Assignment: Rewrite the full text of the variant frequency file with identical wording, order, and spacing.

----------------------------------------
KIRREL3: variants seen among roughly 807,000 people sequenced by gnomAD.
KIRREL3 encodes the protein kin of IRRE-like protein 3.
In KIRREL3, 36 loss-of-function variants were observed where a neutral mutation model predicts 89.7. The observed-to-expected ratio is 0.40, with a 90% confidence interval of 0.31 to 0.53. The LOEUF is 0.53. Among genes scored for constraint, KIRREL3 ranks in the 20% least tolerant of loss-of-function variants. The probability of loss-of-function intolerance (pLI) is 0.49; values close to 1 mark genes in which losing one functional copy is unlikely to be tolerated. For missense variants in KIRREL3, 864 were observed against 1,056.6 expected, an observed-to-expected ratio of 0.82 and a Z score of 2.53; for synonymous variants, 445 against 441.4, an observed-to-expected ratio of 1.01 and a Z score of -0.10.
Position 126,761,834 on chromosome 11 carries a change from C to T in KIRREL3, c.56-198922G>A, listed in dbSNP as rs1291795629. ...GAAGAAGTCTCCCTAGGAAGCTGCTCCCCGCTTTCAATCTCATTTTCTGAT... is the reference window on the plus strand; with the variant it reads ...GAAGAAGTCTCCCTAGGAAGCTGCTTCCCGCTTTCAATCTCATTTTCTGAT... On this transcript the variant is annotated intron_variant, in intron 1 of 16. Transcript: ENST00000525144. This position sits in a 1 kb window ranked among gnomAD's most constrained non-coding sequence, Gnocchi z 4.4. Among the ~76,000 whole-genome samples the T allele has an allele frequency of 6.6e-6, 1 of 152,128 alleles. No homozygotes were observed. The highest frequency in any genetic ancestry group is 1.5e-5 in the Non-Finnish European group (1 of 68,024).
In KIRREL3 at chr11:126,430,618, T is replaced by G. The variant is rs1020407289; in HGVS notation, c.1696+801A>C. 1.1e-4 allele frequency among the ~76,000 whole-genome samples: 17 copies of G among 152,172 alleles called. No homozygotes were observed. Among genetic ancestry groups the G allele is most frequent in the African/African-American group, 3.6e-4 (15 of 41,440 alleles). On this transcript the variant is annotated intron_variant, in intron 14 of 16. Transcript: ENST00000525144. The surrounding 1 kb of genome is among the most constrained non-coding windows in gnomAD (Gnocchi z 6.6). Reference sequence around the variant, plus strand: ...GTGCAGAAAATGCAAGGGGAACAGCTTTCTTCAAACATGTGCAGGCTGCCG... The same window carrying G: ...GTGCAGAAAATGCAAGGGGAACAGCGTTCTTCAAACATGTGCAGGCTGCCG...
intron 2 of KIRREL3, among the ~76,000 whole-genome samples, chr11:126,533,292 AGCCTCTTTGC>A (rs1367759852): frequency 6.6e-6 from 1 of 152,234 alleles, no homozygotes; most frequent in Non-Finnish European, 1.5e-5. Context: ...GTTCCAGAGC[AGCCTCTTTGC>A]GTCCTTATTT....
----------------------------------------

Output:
KIRREL3: variants seen among roughly 807,000 people sequenced by gnomAD.
KIRREL3 encodes the protein kin of IRRE-like protein 3.
In KIRREL3, 36 loss-of-function variants were observed where a neutral mutation model predicts 89.7. The observed-to-expected ratio is 0.40, with a 90% confidence interval of 0.31 to 0.53. The LOEUF is 0.53. Among genes scored for constraint, KIRREL3 ranks in the 20% least tolerant of loss-of-function variants. The probability of loss-of-function intolerance (pLI) is 0.49; values close to 1 mark genes in which losing one functional copy is unlikely to be tolerated. For missense variants in KIRREL3, 864 were observed against 1,056.6 expected, an observed-to-expected ratio of 0.82 and a Z score of 2.53; for synonymous variants, 445 against 441.4, an observed-to-expected ratio of 1.01 and a Z score of -0.10.
Position 126,761,834 on chromosome 11 carries a change from C to T in KIRREL3, c.56-198922G>A, listed in dbSNP as rs1291795629. ...GAAGAAGTCTCCCTAGGAAGCTGCTCCCCGCTTTCAATCTCATTTTCTGAT... is the reference window on the plus strand; with the variant it reads ...GAAGAAGTCTCCCTAGGAAGCTGCTTCCCGCTTTCAATCTCATTTTCTGAT... On this transcript the variant is annotated intron_variant, in intron 1 of 16. Transcript: ENST00000525144. This position sits in a 1 kb window ranked among gnomAD's most constrained non-coding sequence, Gnocchi z 4.4. Among the ~76,000 whole-genome samples the T allele has an allele frequency of 6.6e-6, 1 of 152,128 alleles. No homozygotes were observed. The highest frequency in any genetic ancestry group is 1.5e-5 in the Non-Finnish European group (1 of 68,024).
In KIRREL3 at chr11:126,430,618, T is replaced by G. The variant is rs1020407289; in HGVS notation, c.1696+801A>C. 1.1e-4 allele frequency among the ~76,000 whole-genome samples: 17 copies of G among 152,172 alleles called. No homozygotes were observed. Among genetic ancestry groups the G allele is most frequent in the African/African-American group, 3.6e-4 (15 of 41,440 alleles). On this transcript the variant is annotated intron_variant, in intron 14 of 16. Transcript: ENST00000525144. The surrounding 1 kb of genome is among the most constrained non-coding windows in gnomAD (Gnocchi z 6.6). Reference sequence around the variant, plus strand: ...GTGCAGAAAATGCAAGGGGAACAGCTTTCTTCAAACATGTGCAGGCTGCCG... The same window carrying G: ...GTGCAGAAAATGCAAGGGGAACAGCGTTCTTCAAACATGTGCAGGCTGCCG...
intron 2 of KIRREL3, among the ~76,000 whole-genome samples, chr11:126,533,292 AGCCTCTTTGC>A (rs1367759852): frequency 6.6e-6 from 1 of 152,234 alleles, no homozygotes; most frequent in Non-Finnish European, 1.5e-5. Context: ...GTTCCAGAGC[AGCCTCTTTGC>A]GTCCTTATTT....